• I would break the category of tolerated religions in two. A religion is truly tolerated when it involves rites and practices that seriously violate the official religion. Judaism was truly tolerated in the Middle Ages because it taught that the official religion, Christianity, is wrong. There is also a fake toleration of religions that are inoffensive and perfectly compatible with the official religion. Liberal toleration of gay-pride Christianity is an example. It’s not true toleration, its just LOL.

      • Agreed. Let’s call them “tolerated” and “inoffensive”. They are inoffensive because

        a) they are the official religion with the sugarcoating of another religion (Gay pride Christianity)

        b) They are fake (neopagans worshipping Thor in our times, New Age)

        c) They are ethnic religions of marginated groups that cannot be brought to the mainstream (religions of American Indian peoples)

        d) They can be used by liberalism for its goals

        Islam in Europe has gone from c) to d) and will eventually become a tolerated religion and, then, it might become a persecuted religion and and, after that, an official religion

        The Francis project is to convert Catholicism into a) In his wet dreams, Francis sees himself before the General Assembly of the United Nations while the PA system announces:” And now we are going to hear Mr. Jorge Bergoglio, the Secretary-General of the United Nations High Commissionate for the Catholics”. Then, he wakes up and realizes, with bitterness, that he is only a Pope.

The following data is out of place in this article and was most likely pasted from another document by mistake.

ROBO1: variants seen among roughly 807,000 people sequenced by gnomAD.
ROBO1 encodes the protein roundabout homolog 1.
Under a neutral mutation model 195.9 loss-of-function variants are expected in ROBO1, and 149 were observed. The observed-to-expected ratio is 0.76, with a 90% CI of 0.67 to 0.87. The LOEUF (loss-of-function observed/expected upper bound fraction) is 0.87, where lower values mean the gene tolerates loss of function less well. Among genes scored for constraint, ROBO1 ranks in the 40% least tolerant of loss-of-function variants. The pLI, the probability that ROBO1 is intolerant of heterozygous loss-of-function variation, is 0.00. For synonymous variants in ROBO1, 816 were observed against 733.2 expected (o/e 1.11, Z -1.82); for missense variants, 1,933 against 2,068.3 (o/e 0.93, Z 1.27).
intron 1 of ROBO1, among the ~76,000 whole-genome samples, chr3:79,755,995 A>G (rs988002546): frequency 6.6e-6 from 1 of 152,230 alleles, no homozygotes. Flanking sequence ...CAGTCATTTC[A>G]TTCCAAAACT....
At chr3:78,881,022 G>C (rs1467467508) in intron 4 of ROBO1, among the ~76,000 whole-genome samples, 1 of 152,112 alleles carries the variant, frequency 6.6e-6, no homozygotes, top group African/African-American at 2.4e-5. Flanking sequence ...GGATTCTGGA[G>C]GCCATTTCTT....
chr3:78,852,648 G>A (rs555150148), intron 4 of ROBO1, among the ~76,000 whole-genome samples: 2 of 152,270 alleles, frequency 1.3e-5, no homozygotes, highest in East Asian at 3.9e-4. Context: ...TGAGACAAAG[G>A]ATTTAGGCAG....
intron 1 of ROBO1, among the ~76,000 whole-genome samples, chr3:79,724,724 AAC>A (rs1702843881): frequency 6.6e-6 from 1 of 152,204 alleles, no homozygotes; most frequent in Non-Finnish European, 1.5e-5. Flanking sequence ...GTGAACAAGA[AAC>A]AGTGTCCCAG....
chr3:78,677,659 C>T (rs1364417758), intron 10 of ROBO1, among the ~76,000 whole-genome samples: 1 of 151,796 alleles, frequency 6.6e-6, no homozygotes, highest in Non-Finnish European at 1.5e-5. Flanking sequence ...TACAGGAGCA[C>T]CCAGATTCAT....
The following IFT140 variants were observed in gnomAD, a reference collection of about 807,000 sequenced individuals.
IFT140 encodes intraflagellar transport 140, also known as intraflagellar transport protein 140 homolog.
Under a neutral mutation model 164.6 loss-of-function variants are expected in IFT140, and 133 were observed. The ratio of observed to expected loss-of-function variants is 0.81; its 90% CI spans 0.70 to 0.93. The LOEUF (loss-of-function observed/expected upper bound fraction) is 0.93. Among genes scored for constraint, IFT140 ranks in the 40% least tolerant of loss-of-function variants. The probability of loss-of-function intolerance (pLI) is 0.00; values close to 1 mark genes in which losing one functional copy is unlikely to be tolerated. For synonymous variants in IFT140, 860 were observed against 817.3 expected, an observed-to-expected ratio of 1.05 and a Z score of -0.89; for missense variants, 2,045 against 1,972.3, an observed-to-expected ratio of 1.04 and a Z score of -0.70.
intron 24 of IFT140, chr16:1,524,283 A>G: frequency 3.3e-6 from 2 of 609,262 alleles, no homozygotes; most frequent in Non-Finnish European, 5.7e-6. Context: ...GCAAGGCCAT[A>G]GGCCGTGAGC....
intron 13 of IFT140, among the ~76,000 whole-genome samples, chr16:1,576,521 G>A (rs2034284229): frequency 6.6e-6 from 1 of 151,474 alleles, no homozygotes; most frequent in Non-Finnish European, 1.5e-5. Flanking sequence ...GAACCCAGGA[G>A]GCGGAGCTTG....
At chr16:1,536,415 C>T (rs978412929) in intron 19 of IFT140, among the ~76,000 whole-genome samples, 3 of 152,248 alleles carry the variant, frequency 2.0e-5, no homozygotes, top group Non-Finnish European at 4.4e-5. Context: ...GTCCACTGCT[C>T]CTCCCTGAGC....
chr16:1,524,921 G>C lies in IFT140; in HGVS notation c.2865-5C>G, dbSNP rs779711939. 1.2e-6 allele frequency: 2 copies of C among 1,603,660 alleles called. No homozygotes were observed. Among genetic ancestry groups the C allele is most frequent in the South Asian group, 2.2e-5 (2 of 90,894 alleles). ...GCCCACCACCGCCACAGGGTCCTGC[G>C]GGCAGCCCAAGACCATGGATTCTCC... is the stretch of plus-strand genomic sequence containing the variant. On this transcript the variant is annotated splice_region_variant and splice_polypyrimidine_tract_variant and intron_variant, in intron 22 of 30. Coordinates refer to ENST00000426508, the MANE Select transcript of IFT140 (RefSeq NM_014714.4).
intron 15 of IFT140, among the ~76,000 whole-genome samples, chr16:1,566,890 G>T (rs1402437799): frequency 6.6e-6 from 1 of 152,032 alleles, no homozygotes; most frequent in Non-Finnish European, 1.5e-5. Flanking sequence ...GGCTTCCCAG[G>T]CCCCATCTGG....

5. In all this I sometimes fear like we think God doesn’t know all this or isn’t involved.

    I’m the OT God’s people go through all kinds of successes, failures, syncretism, revivals, etc. And the victory or loss usually seems to have little to do with the strength of the enemy and way more to do with closeness of peoples relation to God and even there small minorities of the faithful can make a difference.

    Has it even occurred I wonder for many of us to ask God what we should do? I’m not saying receiving messages with absolute certainty like a prophet, but asking for genuine leading like was even available in the OT (Proverbs 3:5-6), whereas now we can experience God more directly.